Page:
Here is the Top 20 South African Women Farmers [Part 3]
Lindelwa Mabuya of Abagold Abalone Farming in Hermanus was honoured as best female worker. She has worked at Abagold for the past 19 years. She started as a general worker and was promoted to specialist abalone spawning manager in 2000. Her work entails spawning, settling, cleaning the brood stock and feeding them.
Dig for Victory by Dawn Ehrenreich is an organic vegetable and herb garden. The garden was initially established as a result of a “waste wise” pilot project by the City of Cape Town. Dawn was trained as a community facilitator. The project was responsible for fighting dumping in communities through education and awareness programmes. The project developed into a vegetable garden, which later expanded to a local park.
Berene started her business in 2014. She secures the grapes from different sources and makes the wine at Hamilton Russel Vineyards’ cellar. The bottling, labelling and further packaging is done by her and six other female staff members. She also handles the marketing and logistics of the wine herself. Berene is in the process of purchasing 3.5 hectares of land in Tesselaarsdal, Overberg where Pinot Noir grapes will be planted, for use in her wines.
Carmen Stevens has 21 years’ experience in winemaking, having been the first black person to study and qualify as a winemaker in South Africa in 1995. Her company was registered in 2011. The main purpose of the business is to source, produce, blend and bottle premium quality red and white table wines – exclusively for the export market.
Ashley-Ann is responsible for the cheese-making at Latana Cheese, a small cheese company manufacturing cheese in the traditional way. This process includes no chemicals, colourants or taste substances. Ashley-Ann’s duties include management of the planning, making the cheese, to getting it ready for the market.
Haarlem Vroue Vereniging, led by Viona Kapank, is a community garden in Haarlem, tended by women farming with vegetables. The garden was started in 2013 by a group of unemployed women looking for a source of food security. They also donate to their community.
Anastasia started a small vegetable farm in 2012. Since then her formal and informal markets have grown to such an extent that she had to increase her production. Anastasia stood out for her passion and dedication to her business.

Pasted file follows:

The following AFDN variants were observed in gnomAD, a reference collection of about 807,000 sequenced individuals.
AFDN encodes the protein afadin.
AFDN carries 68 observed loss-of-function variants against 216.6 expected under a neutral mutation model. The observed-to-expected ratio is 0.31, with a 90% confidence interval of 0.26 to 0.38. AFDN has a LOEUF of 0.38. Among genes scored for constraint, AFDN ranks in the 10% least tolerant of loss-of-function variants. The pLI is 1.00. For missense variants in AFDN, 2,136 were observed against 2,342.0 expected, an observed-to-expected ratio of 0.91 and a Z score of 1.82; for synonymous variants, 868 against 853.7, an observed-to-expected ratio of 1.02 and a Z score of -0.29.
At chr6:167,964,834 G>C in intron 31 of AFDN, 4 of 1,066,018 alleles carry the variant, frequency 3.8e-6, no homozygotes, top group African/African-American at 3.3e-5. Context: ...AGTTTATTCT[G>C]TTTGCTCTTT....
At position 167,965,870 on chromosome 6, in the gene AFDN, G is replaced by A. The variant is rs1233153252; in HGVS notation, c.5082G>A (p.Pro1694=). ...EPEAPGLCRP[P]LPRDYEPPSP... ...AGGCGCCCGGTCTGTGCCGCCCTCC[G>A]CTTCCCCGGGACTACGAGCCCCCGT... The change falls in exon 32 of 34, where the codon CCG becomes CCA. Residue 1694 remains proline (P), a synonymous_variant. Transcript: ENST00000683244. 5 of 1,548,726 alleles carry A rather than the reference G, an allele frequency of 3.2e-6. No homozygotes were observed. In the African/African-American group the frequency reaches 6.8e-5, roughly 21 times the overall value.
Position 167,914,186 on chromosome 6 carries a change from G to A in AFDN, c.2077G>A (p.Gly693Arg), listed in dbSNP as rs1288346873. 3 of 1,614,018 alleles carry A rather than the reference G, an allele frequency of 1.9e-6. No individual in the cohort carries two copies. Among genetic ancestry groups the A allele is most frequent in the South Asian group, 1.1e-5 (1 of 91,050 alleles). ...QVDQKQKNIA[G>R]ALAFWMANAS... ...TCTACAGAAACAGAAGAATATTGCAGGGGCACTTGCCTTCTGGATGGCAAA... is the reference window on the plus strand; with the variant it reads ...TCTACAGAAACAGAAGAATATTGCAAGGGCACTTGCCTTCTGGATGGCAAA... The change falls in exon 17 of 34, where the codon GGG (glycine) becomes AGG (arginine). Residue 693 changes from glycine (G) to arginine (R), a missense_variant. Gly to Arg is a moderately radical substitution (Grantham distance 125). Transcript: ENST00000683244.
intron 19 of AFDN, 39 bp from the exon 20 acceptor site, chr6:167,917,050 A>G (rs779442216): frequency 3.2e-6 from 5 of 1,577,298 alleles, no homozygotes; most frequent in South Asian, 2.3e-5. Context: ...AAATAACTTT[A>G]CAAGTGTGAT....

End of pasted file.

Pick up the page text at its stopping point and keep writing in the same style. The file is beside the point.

Essolita started her business in 2001, slaughtering 800 broiler chickens per week. Her business has grown and now deals with plus minus 4000 broiler chicken per week. In addition, the abattoir slaughters 1000 rabbits per month and 500 other poultry such as ducks. The abattoir is the only registered Kosher abattoir in the Western Cape and also caters for the Halaal market.
Viona Kapank, head of the Haarlem Vroue Vereniging in Haarlem, won the category of best subsistence producer. The Haarlem Vroue Vereniging is a community garden in Haarlem, tended by women farming with vegetables. The garden was started in 2013 by a group of unemployed women looking for a source of food security. They also donate to their community.
Caroline de Villiers
Caroline de Villiers runs wholesale tree farm, called Themba Trees which is a 12ha wholesale tree farm boasts more than 50 000 indigenous and ornamental trees. The tree farm caught the eye of the Western Cape department of agriculture, and it presented her with the Western Cape Top Entrepreneur Smallholder award in 2010, and the Western Cape Top Commercial Female Entrepreneur award for 2016.
Makhosazana Sambo has grown a small business operating from her backyard to a commercial undertaking that supplies produce to big retail stores across the country. Before Sambo started Ikhwezi Vegetable and Poultry she was unemployed for more than five years.She took matters into her own hands and decided to plant fruit and vegetables in her backyard.“The end goal with this was to not only have my own business, but to provide employment and fresh and affordable food for locals. I can proudly say I’ve exceeded that,” she said. Today the business supplies top retail stores which is something far more than Sambo dreamed of. Ikhwezi Vegetable and Poultry has been in operation for 16 years and now also sells chickens. The farm employs 67 people, 60 percent of whom are young people. Last year alone, her business achieved more than R3 million in turnover. She has since won numerous awards in farming, including being given the Best Cooperative Award by the Department of Economic Affairs.
Sontundu is a successful young female farmer from Mqanduli in the Eastern Cape. She tells the story of how she got involved in the agricultural sector at an early age, in 1999, with good support from the government and organised agricultural groups.
Over the years, she upskilled herself and diversified her farming business. She produces grains and livestock and supplies local businesses. Sontundu’s business might not be big when viewed at a national scale, but it certainly makes a big difference in the local rural economy of Mqanduli. She is an inspiration to many young women, including those in the audience listening attentively to her story. The enthusiasm was clear from the number of questions that followed our discussion session